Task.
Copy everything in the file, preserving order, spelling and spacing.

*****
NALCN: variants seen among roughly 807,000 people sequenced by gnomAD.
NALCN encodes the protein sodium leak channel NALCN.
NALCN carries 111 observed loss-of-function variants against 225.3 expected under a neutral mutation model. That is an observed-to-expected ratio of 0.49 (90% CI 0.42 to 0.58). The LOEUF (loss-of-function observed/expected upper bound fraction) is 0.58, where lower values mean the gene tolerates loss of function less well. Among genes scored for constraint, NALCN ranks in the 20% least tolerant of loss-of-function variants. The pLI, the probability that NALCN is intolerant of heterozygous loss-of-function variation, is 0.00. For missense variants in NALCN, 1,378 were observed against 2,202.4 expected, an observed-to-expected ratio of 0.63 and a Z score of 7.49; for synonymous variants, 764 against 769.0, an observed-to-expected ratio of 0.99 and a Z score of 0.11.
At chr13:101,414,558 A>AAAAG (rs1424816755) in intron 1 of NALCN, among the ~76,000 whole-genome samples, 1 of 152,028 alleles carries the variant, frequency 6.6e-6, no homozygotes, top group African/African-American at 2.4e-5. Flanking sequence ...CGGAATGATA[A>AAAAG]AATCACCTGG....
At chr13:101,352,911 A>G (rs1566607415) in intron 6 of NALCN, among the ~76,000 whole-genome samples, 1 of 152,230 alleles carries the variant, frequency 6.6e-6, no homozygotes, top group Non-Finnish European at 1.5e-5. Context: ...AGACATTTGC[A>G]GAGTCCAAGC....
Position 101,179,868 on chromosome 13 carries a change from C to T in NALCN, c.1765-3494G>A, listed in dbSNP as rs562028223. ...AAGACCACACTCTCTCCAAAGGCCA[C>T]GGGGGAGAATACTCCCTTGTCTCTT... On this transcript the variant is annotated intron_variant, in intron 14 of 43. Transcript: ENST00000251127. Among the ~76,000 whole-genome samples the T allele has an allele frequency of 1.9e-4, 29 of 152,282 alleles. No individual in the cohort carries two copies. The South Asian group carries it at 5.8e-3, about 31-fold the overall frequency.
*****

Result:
NALCN: variants seen among roughly 807,000 people sequenced by gnomAD.
NALCN encodes the protein sodium leak channel NALCN.
NALCN carries 111 observed loss-of-function variants against 225.3 expected under a neutral mutation model. That is an observed-to-expected ratio of 0.49 (90% CI 0.42 to 0.58). The LOEUF (loss-of-function observed/expected upper bound fraction) is 0.58, where lower values mean the gene tolerates loss of function less well. Among genes scored for constraint, NALCN ranks in the 20% least tolerant of loss-of-function variants. The pLI, the probability that NALCN is intolerant of heterozygous loss-of-function variation, is 0.00. For missense variants in NALCN, 1,378 were observed against 2,202.4 expected, an observed-to-expected ratio of 0.63 and a Z score of 7.49; for synonymous variants, 764 against 769.0, an observed-to-expected ratio of 0.99 and a Z score of 0.11.
At chr13:101,414,558 A>AAAAG (rs1424816755) in intron 1 of NALCN, among the ~76,000 whole-genome samples, 1 of 152,028 alleles carries the variant, frequency 6.6e-6, no homozygotes, top group African/African-American at 2.4e-5. Flanking sequence ...CGGAATGATA[A>AAAAG]AATCACCTGG....
At chr13:101,352,911 A>G (rs1566607415) in intron 6 of NALCN, among the ~76,000 whole-genome samples, 1 of 152,230 alleles carries the variant, frequency 6.6e-6, no homozygotes, top group Non-Finnish European at 1.5e-5. Context: ...AGACATTTGC[A>G]GAGTCCAAGC....
Position 101,179,868 on chromosome 13 carries a change from C to T in NALCN, c.1765-3494G>A, listed in dbSNP as rs562028223. ...AAGACCACACTCTCTCCAAAGGCCA[C>T]GGGGGAGAATACTCCCTTGTCTCTT... On this transcript the variant is annotated intron_variant, in intron 14 of 43. Transcript: ENST00000251127. Among the ~76,000 whole-genome samples the T allele has an allele frequency of 1.9e-4, 29 of 152,282 alleles. No individual in the cohort carries two copies. The South Asian group carries it at 5.8e-3, about 31-fold the overall frequency.